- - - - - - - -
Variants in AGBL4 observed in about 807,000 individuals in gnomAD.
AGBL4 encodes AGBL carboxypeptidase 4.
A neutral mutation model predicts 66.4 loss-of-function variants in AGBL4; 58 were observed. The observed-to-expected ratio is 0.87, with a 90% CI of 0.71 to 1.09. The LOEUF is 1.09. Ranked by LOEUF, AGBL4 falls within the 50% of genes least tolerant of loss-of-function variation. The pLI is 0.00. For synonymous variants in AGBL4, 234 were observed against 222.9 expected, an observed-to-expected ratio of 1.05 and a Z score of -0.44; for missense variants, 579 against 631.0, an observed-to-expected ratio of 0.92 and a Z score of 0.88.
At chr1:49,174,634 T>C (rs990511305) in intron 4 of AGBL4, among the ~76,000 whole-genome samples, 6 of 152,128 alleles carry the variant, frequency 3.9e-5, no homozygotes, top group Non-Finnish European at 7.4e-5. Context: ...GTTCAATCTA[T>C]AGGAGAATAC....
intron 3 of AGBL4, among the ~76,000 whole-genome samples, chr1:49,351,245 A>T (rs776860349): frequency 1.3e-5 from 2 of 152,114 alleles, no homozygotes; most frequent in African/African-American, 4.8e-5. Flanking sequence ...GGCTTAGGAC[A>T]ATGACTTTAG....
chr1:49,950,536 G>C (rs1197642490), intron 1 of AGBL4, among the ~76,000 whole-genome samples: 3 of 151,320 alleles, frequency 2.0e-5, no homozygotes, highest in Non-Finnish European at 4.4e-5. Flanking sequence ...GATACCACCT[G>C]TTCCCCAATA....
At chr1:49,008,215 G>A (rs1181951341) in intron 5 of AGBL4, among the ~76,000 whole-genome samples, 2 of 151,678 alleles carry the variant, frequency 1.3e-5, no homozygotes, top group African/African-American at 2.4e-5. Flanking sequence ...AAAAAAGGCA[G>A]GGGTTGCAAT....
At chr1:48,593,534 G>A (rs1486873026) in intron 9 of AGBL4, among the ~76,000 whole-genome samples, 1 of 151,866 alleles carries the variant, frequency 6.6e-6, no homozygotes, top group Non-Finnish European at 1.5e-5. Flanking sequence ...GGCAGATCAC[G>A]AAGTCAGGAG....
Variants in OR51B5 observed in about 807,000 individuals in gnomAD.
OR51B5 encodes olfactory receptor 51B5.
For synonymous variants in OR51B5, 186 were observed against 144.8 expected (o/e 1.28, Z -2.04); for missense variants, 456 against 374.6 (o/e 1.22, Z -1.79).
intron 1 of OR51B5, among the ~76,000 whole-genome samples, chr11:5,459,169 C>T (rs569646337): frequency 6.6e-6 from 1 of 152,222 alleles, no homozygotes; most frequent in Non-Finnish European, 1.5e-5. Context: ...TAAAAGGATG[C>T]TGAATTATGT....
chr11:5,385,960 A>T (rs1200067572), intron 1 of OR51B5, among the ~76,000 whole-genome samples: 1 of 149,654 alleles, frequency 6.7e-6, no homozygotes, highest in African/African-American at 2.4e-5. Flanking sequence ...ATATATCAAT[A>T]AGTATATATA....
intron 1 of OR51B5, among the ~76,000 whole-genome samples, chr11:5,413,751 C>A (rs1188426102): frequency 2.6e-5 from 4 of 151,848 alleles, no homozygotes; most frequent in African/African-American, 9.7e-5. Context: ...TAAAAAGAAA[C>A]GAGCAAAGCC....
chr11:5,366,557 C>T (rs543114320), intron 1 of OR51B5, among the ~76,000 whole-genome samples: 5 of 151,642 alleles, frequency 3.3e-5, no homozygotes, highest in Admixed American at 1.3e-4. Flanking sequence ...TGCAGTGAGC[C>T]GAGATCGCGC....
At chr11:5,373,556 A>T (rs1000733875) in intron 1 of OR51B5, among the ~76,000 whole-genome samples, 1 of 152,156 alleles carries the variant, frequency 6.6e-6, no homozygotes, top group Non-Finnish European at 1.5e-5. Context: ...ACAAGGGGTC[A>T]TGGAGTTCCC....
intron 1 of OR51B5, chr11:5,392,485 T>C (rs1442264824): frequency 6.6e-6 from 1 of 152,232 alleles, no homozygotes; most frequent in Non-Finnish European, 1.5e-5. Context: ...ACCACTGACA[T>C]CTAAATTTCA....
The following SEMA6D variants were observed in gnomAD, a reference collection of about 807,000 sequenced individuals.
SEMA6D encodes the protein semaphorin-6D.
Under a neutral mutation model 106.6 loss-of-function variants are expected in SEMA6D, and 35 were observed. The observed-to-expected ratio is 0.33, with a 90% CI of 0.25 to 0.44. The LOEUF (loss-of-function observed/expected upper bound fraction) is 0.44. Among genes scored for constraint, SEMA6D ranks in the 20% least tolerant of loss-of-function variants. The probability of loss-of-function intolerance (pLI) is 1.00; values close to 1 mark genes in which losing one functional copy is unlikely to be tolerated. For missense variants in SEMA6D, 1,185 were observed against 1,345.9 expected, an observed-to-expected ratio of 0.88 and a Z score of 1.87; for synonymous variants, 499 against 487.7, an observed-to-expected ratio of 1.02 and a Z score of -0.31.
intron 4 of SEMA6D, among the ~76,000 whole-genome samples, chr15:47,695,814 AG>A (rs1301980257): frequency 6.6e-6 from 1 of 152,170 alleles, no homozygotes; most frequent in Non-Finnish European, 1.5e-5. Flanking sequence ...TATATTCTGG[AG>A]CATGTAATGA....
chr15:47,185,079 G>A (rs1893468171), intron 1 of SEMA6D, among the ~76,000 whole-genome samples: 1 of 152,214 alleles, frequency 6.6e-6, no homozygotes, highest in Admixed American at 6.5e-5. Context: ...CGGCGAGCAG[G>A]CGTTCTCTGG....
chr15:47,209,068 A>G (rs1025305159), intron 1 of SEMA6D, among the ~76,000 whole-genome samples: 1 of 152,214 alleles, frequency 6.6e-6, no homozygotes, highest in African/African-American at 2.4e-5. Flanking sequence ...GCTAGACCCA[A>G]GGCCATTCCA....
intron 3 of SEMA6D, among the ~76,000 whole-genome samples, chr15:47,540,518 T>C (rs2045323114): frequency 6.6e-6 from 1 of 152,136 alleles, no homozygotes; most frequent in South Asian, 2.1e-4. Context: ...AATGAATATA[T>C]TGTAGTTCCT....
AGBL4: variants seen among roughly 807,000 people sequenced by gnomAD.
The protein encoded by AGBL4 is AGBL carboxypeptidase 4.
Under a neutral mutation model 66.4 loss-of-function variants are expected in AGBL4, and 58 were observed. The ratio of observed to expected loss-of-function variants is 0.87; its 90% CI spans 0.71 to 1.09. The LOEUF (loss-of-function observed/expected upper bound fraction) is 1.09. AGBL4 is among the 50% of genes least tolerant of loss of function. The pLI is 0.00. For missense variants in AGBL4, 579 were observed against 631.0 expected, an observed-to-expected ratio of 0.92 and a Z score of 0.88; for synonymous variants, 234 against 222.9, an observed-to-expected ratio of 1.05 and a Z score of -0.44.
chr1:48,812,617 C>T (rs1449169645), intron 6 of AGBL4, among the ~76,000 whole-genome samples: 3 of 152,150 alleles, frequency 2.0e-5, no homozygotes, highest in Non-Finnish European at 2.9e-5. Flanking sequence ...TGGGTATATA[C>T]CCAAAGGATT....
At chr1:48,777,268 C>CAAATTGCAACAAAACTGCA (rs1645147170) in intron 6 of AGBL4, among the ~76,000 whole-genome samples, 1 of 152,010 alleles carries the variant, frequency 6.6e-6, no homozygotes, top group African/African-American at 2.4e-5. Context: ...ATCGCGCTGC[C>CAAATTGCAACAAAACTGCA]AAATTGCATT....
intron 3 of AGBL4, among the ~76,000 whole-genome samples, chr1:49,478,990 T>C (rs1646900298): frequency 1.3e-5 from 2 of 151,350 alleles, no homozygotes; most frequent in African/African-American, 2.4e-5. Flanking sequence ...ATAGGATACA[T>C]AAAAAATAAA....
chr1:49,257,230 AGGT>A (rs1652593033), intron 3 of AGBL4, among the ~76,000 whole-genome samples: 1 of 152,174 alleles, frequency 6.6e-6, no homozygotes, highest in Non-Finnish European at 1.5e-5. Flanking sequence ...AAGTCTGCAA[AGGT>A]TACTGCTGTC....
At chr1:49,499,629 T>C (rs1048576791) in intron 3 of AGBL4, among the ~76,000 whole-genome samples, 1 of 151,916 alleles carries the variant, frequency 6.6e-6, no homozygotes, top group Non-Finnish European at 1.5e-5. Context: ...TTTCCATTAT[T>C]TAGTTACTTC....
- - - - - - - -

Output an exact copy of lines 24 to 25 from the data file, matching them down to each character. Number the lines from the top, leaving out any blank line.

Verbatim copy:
intron 3 of SEMA6D, among the ~76,000 whole-genome samples, chr15:47,540,518 T>C (rs2045323114): frequency 6.6e-6 from 1 of 152,136 alleles, no homozygotes; most frequent in South Asian, 2.1e-4. Context: ...AATGAATATA[T>C]TGTAGTTCCT....
AGBL4: variants seen among roughly 807,000 people sequenced by gnomAD.